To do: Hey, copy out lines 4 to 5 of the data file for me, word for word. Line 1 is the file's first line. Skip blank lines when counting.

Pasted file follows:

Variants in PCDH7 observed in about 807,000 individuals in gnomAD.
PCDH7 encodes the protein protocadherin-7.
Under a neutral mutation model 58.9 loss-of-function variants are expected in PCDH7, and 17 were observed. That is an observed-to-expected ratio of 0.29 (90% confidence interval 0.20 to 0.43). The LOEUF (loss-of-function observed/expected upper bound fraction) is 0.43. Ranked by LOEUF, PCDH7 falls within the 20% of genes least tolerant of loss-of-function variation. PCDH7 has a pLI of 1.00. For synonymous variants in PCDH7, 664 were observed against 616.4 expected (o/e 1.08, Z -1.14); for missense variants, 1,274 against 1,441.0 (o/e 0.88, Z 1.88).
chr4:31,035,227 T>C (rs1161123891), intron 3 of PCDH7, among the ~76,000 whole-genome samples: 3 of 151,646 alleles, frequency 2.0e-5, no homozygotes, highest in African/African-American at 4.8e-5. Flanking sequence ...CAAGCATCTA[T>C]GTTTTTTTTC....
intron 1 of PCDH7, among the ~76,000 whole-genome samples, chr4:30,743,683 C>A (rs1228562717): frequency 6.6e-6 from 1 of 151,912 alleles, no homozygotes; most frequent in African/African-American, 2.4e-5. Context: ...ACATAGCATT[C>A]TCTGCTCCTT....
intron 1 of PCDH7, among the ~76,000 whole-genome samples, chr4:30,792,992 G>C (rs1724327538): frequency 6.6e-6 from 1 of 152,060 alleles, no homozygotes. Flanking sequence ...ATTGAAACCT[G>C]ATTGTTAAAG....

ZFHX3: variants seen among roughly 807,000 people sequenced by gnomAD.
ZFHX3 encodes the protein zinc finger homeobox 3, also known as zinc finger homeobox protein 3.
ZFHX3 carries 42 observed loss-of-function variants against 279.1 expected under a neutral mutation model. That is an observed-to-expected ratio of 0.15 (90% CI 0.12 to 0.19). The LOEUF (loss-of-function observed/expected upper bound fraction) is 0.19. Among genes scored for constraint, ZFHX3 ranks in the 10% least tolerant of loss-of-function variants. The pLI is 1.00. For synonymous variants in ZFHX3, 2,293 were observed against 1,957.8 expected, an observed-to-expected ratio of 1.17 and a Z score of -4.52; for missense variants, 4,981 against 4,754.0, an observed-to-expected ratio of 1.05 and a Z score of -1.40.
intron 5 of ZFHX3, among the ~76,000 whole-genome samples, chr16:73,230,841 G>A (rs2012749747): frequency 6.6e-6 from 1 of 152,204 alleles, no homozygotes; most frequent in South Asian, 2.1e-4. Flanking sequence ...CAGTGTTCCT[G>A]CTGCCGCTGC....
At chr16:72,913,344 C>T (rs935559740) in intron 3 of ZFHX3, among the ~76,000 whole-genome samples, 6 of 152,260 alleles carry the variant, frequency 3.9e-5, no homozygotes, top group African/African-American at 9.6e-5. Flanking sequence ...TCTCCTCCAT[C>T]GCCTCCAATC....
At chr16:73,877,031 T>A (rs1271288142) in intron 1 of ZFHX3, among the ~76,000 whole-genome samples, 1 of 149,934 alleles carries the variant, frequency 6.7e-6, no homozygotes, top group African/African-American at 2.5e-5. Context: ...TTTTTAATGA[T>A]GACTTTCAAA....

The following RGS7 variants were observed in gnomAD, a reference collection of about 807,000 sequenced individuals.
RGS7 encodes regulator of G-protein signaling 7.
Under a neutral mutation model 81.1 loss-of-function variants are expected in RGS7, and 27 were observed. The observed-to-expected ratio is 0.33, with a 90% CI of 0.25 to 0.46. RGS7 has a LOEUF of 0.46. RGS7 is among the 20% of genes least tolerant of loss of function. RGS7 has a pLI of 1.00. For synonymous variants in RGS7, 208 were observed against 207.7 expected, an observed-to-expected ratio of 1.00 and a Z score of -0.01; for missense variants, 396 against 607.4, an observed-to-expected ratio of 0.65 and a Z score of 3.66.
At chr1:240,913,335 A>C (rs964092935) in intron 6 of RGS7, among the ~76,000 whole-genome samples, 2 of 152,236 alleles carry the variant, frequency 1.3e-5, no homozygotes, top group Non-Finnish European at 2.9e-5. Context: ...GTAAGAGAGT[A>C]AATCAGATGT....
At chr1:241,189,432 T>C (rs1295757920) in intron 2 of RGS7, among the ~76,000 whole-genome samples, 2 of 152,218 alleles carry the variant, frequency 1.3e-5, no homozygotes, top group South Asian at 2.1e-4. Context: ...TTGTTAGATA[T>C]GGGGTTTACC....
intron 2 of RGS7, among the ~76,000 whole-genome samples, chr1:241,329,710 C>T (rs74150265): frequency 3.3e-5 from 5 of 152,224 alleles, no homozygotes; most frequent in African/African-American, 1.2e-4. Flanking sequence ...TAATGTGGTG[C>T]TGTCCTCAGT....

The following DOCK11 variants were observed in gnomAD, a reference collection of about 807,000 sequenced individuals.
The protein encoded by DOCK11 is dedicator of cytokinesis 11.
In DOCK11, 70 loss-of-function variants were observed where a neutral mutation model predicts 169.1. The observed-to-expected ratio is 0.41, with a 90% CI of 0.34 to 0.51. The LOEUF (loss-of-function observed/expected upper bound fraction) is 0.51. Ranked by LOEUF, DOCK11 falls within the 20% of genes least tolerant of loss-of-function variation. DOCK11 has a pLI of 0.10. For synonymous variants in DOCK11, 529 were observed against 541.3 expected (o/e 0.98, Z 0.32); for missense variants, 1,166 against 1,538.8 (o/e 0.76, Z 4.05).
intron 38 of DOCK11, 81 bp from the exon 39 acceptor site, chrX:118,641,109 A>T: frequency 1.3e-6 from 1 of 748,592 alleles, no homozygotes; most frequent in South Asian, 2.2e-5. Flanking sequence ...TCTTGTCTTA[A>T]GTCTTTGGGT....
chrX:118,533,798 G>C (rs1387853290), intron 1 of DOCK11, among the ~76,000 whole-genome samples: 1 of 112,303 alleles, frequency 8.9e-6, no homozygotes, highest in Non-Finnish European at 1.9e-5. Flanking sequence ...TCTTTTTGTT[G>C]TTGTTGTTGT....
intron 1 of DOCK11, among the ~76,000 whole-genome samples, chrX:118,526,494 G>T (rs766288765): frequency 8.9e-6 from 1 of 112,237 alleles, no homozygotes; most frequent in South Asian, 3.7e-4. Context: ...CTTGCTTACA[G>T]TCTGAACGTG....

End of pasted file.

chr4:31,035,227 T>C (rs1161123891), intron 3 of PCDH7, among the ~76,000 whole-genome samples: 3 of 151,646 alleles, frequency 2.0e-5, no homozygotes, highest in African/African-American at 4.8e-5. Flanking sequence ...CAAGCATCTA[T>C]GTTTTTTTTC....
intron 1 of PCDH7, among the ~76,000 whole-genome samples, chr4:30,743,683 C>A (rs1228562717): frequency 6.6e-6 from 1 of 151,912 alleles, no homozygotes; most frequent in African/African-American, 2.4e-5. Context: ...ACATAGCATT[C>A]TCTGCTCCTT....